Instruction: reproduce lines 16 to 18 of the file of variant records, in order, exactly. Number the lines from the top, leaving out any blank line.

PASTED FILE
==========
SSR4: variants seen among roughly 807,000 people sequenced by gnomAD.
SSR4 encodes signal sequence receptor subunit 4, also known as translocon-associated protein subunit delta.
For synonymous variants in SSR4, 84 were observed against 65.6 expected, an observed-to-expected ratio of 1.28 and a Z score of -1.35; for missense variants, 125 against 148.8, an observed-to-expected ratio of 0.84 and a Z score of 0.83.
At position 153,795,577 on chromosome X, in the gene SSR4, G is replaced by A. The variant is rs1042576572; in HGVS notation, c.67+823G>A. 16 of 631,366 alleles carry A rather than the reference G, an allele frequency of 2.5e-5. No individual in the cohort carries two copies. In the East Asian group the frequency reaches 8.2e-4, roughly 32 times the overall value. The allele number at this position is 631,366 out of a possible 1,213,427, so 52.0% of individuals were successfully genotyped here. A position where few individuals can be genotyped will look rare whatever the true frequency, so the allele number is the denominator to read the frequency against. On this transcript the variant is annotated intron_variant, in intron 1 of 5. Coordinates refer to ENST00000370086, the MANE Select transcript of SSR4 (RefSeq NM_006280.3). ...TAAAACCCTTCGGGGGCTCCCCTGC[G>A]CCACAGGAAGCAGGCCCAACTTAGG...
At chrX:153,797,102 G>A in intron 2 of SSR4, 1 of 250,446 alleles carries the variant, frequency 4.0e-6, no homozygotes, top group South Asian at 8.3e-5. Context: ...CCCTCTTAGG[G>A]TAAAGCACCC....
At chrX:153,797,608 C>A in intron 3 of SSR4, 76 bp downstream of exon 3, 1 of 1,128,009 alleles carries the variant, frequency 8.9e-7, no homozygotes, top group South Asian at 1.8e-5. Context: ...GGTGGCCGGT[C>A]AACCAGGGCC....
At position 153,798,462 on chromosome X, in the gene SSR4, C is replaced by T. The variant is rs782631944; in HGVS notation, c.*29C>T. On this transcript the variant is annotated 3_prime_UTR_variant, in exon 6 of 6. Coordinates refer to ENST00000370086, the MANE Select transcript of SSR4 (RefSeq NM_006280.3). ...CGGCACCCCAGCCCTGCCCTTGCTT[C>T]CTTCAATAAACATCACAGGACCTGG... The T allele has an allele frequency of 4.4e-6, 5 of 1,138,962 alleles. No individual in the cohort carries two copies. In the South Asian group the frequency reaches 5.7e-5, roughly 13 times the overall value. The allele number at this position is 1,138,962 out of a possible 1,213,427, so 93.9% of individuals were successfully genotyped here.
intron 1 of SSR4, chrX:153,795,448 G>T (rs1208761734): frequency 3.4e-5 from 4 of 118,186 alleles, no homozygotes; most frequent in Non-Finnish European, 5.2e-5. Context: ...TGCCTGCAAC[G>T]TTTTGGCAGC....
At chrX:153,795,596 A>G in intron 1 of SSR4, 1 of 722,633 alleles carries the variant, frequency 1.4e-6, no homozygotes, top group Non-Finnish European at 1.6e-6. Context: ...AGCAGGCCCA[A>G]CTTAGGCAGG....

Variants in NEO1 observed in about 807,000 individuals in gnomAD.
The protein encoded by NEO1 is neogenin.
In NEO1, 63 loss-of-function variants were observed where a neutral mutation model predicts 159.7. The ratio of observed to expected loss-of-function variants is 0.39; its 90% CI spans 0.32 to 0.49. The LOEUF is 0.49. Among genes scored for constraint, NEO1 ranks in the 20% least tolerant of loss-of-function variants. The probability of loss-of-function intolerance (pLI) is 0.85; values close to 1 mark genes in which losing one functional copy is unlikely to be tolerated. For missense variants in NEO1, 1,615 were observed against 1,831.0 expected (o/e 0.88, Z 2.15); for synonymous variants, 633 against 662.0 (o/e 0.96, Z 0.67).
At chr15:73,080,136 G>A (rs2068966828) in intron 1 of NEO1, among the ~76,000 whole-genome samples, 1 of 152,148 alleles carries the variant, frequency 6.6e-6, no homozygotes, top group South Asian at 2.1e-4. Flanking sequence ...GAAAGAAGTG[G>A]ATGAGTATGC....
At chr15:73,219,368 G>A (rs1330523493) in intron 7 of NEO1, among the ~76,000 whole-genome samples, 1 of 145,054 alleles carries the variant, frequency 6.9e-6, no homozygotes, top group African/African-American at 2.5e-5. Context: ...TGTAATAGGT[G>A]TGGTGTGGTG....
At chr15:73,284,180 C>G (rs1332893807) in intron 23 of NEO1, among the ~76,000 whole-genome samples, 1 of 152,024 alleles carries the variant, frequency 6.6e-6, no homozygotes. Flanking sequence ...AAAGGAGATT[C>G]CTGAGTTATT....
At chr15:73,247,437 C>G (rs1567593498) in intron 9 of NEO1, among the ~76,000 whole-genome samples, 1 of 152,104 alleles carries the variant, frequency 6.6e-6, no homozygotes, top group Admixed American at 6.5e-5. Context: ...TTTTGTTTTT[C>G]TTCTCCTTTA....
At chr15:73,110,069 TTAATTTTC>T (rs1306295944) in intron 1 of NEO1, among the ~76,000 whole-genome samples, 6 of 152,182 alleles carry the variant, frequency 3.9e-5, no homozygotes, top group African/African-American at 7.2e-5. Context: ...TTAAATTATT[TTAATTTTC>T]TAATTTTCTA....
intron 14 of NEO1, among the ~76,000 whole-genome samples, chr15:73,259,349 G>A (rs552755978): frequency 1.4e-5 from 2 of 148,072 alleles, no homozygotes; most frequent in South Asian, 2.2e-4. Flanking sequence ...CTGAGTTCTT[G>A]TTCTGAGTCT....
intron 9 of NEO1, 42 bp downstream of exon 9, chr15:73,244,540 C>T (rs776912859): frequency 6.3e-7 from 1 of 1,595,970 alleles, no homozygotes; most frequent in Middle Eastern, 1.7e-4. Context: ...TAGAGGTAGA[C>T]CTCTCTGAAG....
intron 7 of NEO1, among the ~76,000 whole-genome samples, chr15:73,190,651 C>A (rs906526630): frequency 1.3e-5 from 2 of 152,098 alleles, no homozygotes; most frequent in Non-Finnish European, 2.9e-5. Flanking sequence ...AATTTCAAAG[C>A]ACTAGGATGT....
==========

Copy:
At chr15:73,247,437 C>G (rs1567593498) in intron 9 of NEO1, among the ~76,000 whole-genome samples, 1 of 152,104 alleles carries the variant, frequency 6.6e-6, no homozygotes, top group Admixed American at 6.5e-5. Context: ...TTTTGTTTTT[C>G]TTCTCCTTTA....
At chr15:73,110,069 TTAATTTTC>T (rs1306295944) in intron 1 of NEO1, among the ~76,000 whole-genome samples, 6 of 152,182 alleles carry the variant, frequency 3.9e-5, no homozygotes, top group African/African-American at 7.2e-5. Context: ...TTAAATTATT[TTAATTTTC>T]TAATTTTCTA....
intron 14 of NEO1, among the ~76,000 whole-genome samples, chr15:73,259,349 G>A (rs552755978): frequency 1.4e-5 from 2 of 148,072 alleles, no homozygotes; most frequent in South Asian, 2.2e-4. Flanking sequence ...CTGAGTTCTT[G>A]TTCTGAGTCT....